Arrow-right Camera
The Spokesman-Review Newspaper

The Spokesman-Review Newspaper The Spokesman-Review

Spokane, Washington  Est. May 19, 1883
Partly Cloudy Night 32° Partly Cloudy

Nancy McLaughlin

A candidate for State Senator, Legislative District 3 (central Spokane) in the 2012 Washington General Election

Party: Republican

Age: 62

City: Spokane Valley, WA

Education: Valedictorian of Nampa High School, Class of 1976; attended Boise State University for one semester.

Political experience: Served two terms on the Spokane City Council, winning elections in 2005 and 2009. Appointed to the Spokane County Commission in February; previously served as a precinct committee officer. Former president of the Association of Washington Cities. Former president of Parent-Teacher Organization at Madison Elementary.

Work experience: Founded D-MAC Construction, a kitchen and bath remodeling company, with her husband in 1980 and still runs the business; worked for Treasure Valley Woodworking, her parents’ cabinet business; served as an administrative assistant for a plant breeder in Nampa, Idaho, and for a doctor in Spokane. 

Family: Married, three children

Contact information

More about Nancy McLaughlin

Race Results

Candidate Votes Pct
Andy Billig (D) 28,305 57.79%
Nancy McLaughlin (R) 20,673 42.21%

Details & headlines >>

Competitors

Related Coverage

Shawn Vestal: Nailing down the hammer analogy

Perhaps you’ve come across the latest low-water mark in our debate about guns. It is the assertion – made recently in Spokane City Council chambers and at a public forum in Coeur d’Alene, as well as in the echoing void of the all-guns-at-all-costs universe – that hammers kill more people than assault weapons. Hammers! Outrageous!

Why doesn’t this tax plan require a supermajority?

Last year, voters in Washington approved Initiative 1185, a measure requiring supermajority votes of two-thirds to raise taxes in the Legislature. Voters approved I-1185 with a not-quite-supermajority of 63.9 percent.

Voters to decide whether 5-2 split needed on taxes

Spokane’s Proposition 2 is a way to ensure strong consensus on important issues or a strategy for a minority to seize control from the majority. That’s the debate among Spokane officials about the proposed requirement that tax increases earn at least five of seven votes on the City Council for approval instead of four.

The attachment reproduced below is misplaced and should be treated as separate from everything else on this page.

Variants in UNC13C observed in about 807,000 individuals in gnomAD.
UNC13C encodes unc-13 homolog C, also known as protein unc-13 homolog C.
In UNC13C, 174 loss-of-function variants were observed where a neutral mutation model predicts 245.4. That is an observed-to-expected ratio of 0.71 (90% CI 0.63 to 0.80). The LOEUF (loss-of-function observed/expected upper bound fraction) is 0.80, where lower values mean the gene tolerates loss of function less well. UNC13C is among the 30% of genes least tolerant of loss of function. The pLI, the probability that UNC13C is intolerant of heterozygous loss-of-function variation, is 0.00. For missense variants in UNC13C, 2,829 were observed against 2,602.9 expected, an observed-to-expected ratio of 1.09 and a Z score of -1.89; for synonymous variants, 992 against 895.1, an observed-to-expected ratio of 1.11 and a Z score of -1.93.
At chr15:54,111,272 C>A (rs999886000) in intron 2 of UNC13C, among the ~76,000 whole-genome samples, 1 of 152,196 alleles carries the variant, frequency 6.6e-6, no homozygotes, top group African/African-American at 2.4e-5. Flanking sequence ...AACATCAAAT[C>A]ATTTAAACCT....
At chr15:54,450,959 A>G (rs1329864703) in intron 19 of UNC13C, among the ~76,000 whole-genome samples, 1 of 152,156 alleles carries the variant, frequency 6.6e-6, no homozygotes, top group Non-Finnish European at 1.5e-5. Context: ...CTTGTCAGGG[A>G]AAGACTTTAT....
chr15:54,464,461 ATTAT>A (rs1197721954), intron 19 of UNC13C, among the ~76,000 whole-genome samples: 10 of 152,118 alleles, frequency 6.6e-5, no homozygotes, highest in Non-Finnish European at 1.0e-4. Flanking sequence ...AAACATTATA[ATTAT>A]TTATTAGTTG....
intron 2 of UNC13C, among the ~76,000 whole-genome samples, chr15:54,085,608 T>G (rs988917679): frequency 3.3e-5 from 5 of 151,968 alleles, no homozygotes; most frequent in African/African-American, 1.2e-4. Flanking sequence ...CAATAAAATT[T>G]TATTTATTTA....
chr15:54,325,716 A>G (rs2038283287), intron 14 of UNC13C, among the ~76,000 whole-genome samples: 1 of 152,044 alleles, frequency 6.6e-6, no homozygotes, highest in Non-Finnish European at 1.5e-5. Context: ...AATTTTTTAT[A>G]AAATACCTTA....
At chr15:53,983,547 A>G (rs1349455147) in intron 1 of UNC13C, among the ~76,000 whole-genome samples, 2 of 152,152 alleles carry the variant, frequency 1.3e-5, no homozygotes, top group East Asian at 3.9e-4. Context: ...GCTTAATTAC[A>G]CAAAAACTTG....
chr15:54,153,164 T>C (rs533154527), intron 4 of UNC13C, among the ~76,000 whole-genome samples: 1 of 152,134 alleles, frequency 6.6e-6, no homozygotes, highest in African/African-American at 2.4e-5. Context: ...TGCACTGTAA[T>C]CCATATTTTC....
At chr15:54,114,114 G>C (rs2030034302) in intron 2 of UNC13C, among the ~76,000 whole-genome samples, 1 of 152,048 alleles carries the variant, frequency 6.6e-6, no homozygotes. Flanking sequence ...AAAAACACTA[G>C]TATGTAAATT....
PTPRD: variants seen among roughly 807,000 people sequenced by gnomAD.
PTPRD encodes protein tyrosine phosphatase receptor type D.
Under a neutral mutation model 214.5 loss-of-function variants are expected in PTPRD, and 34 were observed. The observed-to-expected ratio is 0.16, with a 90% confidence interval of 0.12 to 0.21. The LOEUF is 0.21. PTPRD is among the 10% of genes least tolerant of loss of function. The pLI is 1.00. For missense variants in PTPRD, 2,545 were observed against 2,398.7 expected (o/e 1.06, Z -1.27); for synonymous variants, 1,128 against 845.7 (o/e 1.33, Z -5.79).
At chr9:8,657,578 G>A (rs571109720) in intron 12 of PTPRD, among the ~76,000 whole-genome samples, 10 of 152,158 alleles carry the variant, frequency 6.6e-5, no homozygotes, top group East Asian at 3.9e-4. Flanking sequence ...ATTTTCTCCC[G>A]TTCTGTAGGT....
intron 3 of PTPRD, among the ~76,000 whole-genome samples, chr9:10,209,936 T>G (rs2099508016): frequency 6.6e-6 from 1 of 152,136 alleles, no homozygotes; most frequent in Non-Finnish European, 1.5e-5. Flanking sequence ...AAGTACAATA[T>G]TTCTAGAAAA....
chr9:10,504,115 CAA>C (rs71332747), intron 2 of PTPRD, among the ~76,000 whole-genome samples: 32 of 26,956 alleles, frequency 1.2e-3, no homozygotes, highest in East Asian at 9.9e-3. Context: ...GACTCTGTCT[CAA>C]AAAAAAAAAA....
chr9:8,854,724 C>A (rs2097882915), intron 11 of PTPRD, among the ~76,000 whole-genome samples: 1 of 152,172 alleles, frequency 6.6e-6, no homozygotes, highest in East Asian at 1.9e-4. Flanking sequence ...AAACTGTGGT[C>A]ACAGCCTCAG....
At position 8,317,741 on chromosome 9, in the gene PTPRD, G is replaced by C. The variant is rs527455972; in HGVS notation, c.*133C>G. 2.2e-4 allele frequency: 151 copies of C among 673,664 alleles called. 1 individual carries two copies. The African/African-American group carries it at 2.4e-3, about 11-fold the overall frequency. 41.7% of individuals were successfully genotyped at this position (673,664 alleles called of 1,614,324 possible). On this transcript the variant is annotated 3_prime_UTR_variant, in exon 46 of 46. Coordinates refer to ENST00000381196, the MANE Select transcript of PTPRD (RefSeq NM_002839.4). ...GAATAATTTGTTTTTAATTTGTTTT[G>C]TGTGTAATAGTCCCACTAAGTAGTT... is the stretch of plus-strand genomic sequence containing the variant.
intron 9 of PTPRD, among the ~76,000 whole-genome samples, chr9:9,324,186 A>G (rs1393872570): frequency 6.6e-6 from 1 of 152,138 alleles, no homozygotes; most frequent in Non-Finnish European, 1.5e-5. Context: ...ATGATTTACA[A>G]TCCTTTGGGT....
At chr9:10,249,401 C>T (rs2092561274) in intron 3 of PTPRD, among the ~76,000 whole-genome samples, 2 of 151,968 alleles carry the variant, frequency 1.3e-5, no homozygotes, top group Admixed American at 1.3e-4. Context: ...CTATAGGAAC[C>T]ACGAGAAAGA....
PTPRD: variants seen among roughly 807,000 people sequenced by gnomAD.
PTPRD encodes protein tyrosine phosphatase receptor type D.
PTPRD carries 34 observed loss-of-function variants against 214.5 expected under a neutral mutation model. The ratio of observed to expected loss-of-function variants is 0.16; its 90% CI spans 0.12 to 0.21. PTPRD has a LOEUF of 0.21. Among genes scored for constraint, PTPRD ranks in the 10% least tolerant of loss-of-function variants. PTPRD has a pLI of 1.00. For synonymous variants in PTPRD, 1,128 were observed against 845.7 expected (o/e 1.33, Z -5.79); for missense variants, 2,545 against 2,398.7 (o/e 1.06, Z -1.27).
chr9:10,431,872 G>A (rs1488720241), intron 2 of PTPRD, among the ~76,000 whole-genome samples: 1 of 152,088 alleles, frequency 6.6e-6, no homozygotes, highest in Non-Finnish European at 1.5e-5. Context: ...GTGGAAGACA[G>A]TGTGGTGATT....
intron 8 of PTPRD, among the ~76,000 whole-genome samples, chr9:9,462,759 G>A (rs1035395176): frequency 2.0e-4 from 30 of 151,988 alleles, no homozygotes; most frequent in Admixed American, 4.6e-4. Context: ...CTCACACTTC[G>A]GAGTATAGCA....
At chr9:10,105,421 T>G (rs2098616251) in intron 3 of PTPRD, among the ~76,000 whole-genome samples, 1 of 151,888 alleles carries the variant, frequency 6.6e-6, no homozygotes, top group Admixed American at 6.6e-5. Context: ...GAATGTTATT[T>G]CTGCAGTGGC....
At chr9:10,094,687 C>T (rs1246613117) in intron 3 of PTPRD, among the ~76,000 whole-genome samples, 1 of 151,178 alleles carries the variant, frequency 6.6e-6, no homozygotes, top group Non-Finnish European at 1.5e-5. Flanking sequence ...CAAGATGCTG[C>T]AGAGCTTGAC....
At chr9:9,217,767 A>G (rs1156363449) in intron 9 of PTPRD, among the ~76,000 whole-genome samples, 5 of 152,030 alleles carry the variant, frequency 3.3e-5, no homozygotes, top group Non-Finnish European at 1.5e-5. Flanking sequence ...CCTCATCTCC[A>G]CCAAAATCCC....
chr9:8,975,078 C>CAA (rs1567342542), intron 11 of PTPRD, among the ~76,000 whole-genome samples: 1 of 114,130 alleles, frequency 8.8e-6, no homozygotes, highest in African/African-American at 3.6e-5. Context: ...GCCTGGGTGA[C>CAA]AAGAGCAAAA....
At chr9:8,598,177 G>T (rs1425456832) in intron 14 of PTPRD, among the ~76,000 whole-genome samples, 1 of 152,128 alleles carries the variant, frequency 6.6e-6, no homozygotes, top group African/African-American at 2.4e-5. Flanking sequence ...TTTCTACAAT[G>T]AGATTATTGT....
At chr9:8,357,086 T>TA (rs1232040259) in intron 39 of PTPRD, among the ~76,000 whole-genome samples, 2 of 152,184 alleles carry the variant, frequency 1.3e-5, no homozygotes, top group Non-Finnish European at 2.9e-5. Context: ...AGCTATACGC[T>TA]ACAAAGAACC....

Voters likely to get library plea

There could be something for almost everyone on a special election ballot in February. Originally wary of spending the money to hold a special election, the Spokane City Council on Monday appears ready to send three items to the ballot for voters to consider. The council last week set aside $200,000 to hold the election.

Council mulls supermajority requirement

It could soon get harder for Spokane city leaders to raise taxes. The Spokane City Council on Monday will consider whether to ask voters if raising tax rates should require approval of at least five of the city’s seven council members.

Mapping the Vote: Billig leads McLaughlin

None

Democrats holding edge in Legislature

Democrats appear likely to hold on to both chambers of the Washington Legislature. Republicans had pushed to recapture the state Senate, where the Democrats currently have five more seats than Republicans. Control of the House has not been as much in dispute because Democrats have a wider margin, with 14 more seats than the GOP, and the party appeared to easily maintain a wide majority there.

Notes from a Democratic rally

None

Campaign fliers are mum on author

Dozens if not hundreds of fliers left on cars and doorsteps against Spokane City Councilwoman Nancy McLaughlin’s campaign for state Senate could violate state disclosure law. The black-and-white fliers that appear to be printed with a copy machine or computer printer criticize McLaughlin, a Republican, for her vote in support of revoking the alcohol impact area in the West Central neighborhood. One version of the flier said, “Nancy McLaughlin voted for fortified malt liquor sales over safe neighborhoods. We don’t need that kind of representation in Olympia.”